MASERU — A local garment factory, Nien Hsing International Lesotho, last week said it will not reinstate the 185 workers who were fired last month for allegedly holding an illegal Christmas party.
The company dismissed almost its entire workforce of 1 200 on 11 December claiming that the workers had engaged in an illegal strike.
The workers however disputed the allegation insisting they were merely having a Christmas party.
In a surprise twist to the case, the company rehired the bulk of the workforce just hours after serving them with letters of dismissal.
But 185 workers were not so lucky.
The company said it was not going to re-hire these “ring leaders” claiming they were the most vocal during the strike action.
The company reopened its doors on Tuesday after the festive holiday break.
When the Sunday Express visited the company on Thursday the axed workers were gathered outside the factory’s premises pondering their next move.
Management at Nien Hsing International Lesotho were last week still adamant they would not take back the workers.
The dismissed workers were restless and angry when they spoke to the Sunday Express on Thursday.
They said they had since Tuesday tried to engage management to rescind its decision without success.
An assistant factory manager, Daniel Bu, said the company was not considering hiring back those who were highly active in the “protest”.
“From our side we are not considering taking them back because those were the people who were intimidating other employees.
“We have got proof that those people were not working. We have got the video clips of that event,” Bu said.
He said the majority of the dismissed workers were also under the influence of alcohol.
“They were holding bottles while singing and those bottles contained alcohol,” he said.
But one of the affected employees, ’Malelingoana Moiloa, said they had been unfairly dismissed.
“We are really angry because we were dismissed without good reasons. The management used unjust means to dismiss us,” Moiloa said.
“I feel I have been trapped because my dismissal has nothing to do with the Christmas party. I was accused of holding HIV and Aids training sessions during working hours.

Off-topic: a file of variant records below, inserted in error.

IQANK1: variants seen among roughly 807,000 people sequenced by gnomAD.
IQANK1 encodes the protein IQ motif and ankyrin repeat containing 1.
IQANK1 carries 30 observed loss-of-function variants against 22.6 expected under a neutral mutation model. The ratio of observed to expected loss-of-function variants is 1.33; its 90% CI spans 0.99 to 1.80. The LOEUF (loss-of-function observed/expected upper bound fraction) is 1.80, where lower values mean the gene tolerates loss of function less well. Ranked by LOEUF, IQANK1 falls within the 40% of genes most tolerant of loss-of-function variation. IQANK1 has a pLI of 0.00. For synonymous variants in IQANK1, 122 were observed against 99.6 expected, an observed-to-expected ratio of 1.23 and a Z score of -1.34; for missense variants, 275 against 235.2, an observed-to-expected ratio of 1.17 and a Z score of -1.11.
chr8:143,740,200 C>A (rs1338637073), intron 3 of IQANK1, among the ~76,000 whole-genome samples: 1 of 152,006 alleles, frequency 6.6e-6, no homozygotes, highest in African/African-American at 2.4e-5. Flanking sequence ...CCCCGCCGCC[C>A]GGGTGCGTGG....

“I am a peer educator of Apparel Lesotho Alliance to Fight Aids and this association came to the factory with the blessing of our management,” she said.
She claimed she was dismissed as she did not have good working relations with her immediate boss.
“We are amazed that there are certain people who were asked to go back to work yet we were celebrating together,” she said.
“We were fired because we are members of workers’ unions. The management of this factory is against members who take part in trade union activities.
“I know my rights as an employee. I cannot be oppressed at work. They want to drive us like slaves,” she said.
Another employee, ’Mamaphephe Pooho, blamed her dismissal on her immediate supervisor.
“I was one of the people who were given a second chance but because of the sour relations between me and my supervisor she refused to give me back my identity card so I could not get back my job,” said Pooho.
Meanwhile, the Lesotho Clothing and Workers Union (LECAWU) said it was hoping management at Nien Hsing International Lesotho would have a change of heart and re-hire the sacked employees.
LECAWU general secretary, Daniel Maraisane, said they had a meeting with the factory management.
“We had a meeting on Monday with the factory management about that issue,” Maraisane said
“Other employees were reinstated. The 185 workers were left out because they were said to be highly active during the December 11 event.”
He said they were frantically trying to convince the factory managers to reinstate the dismissed workers.
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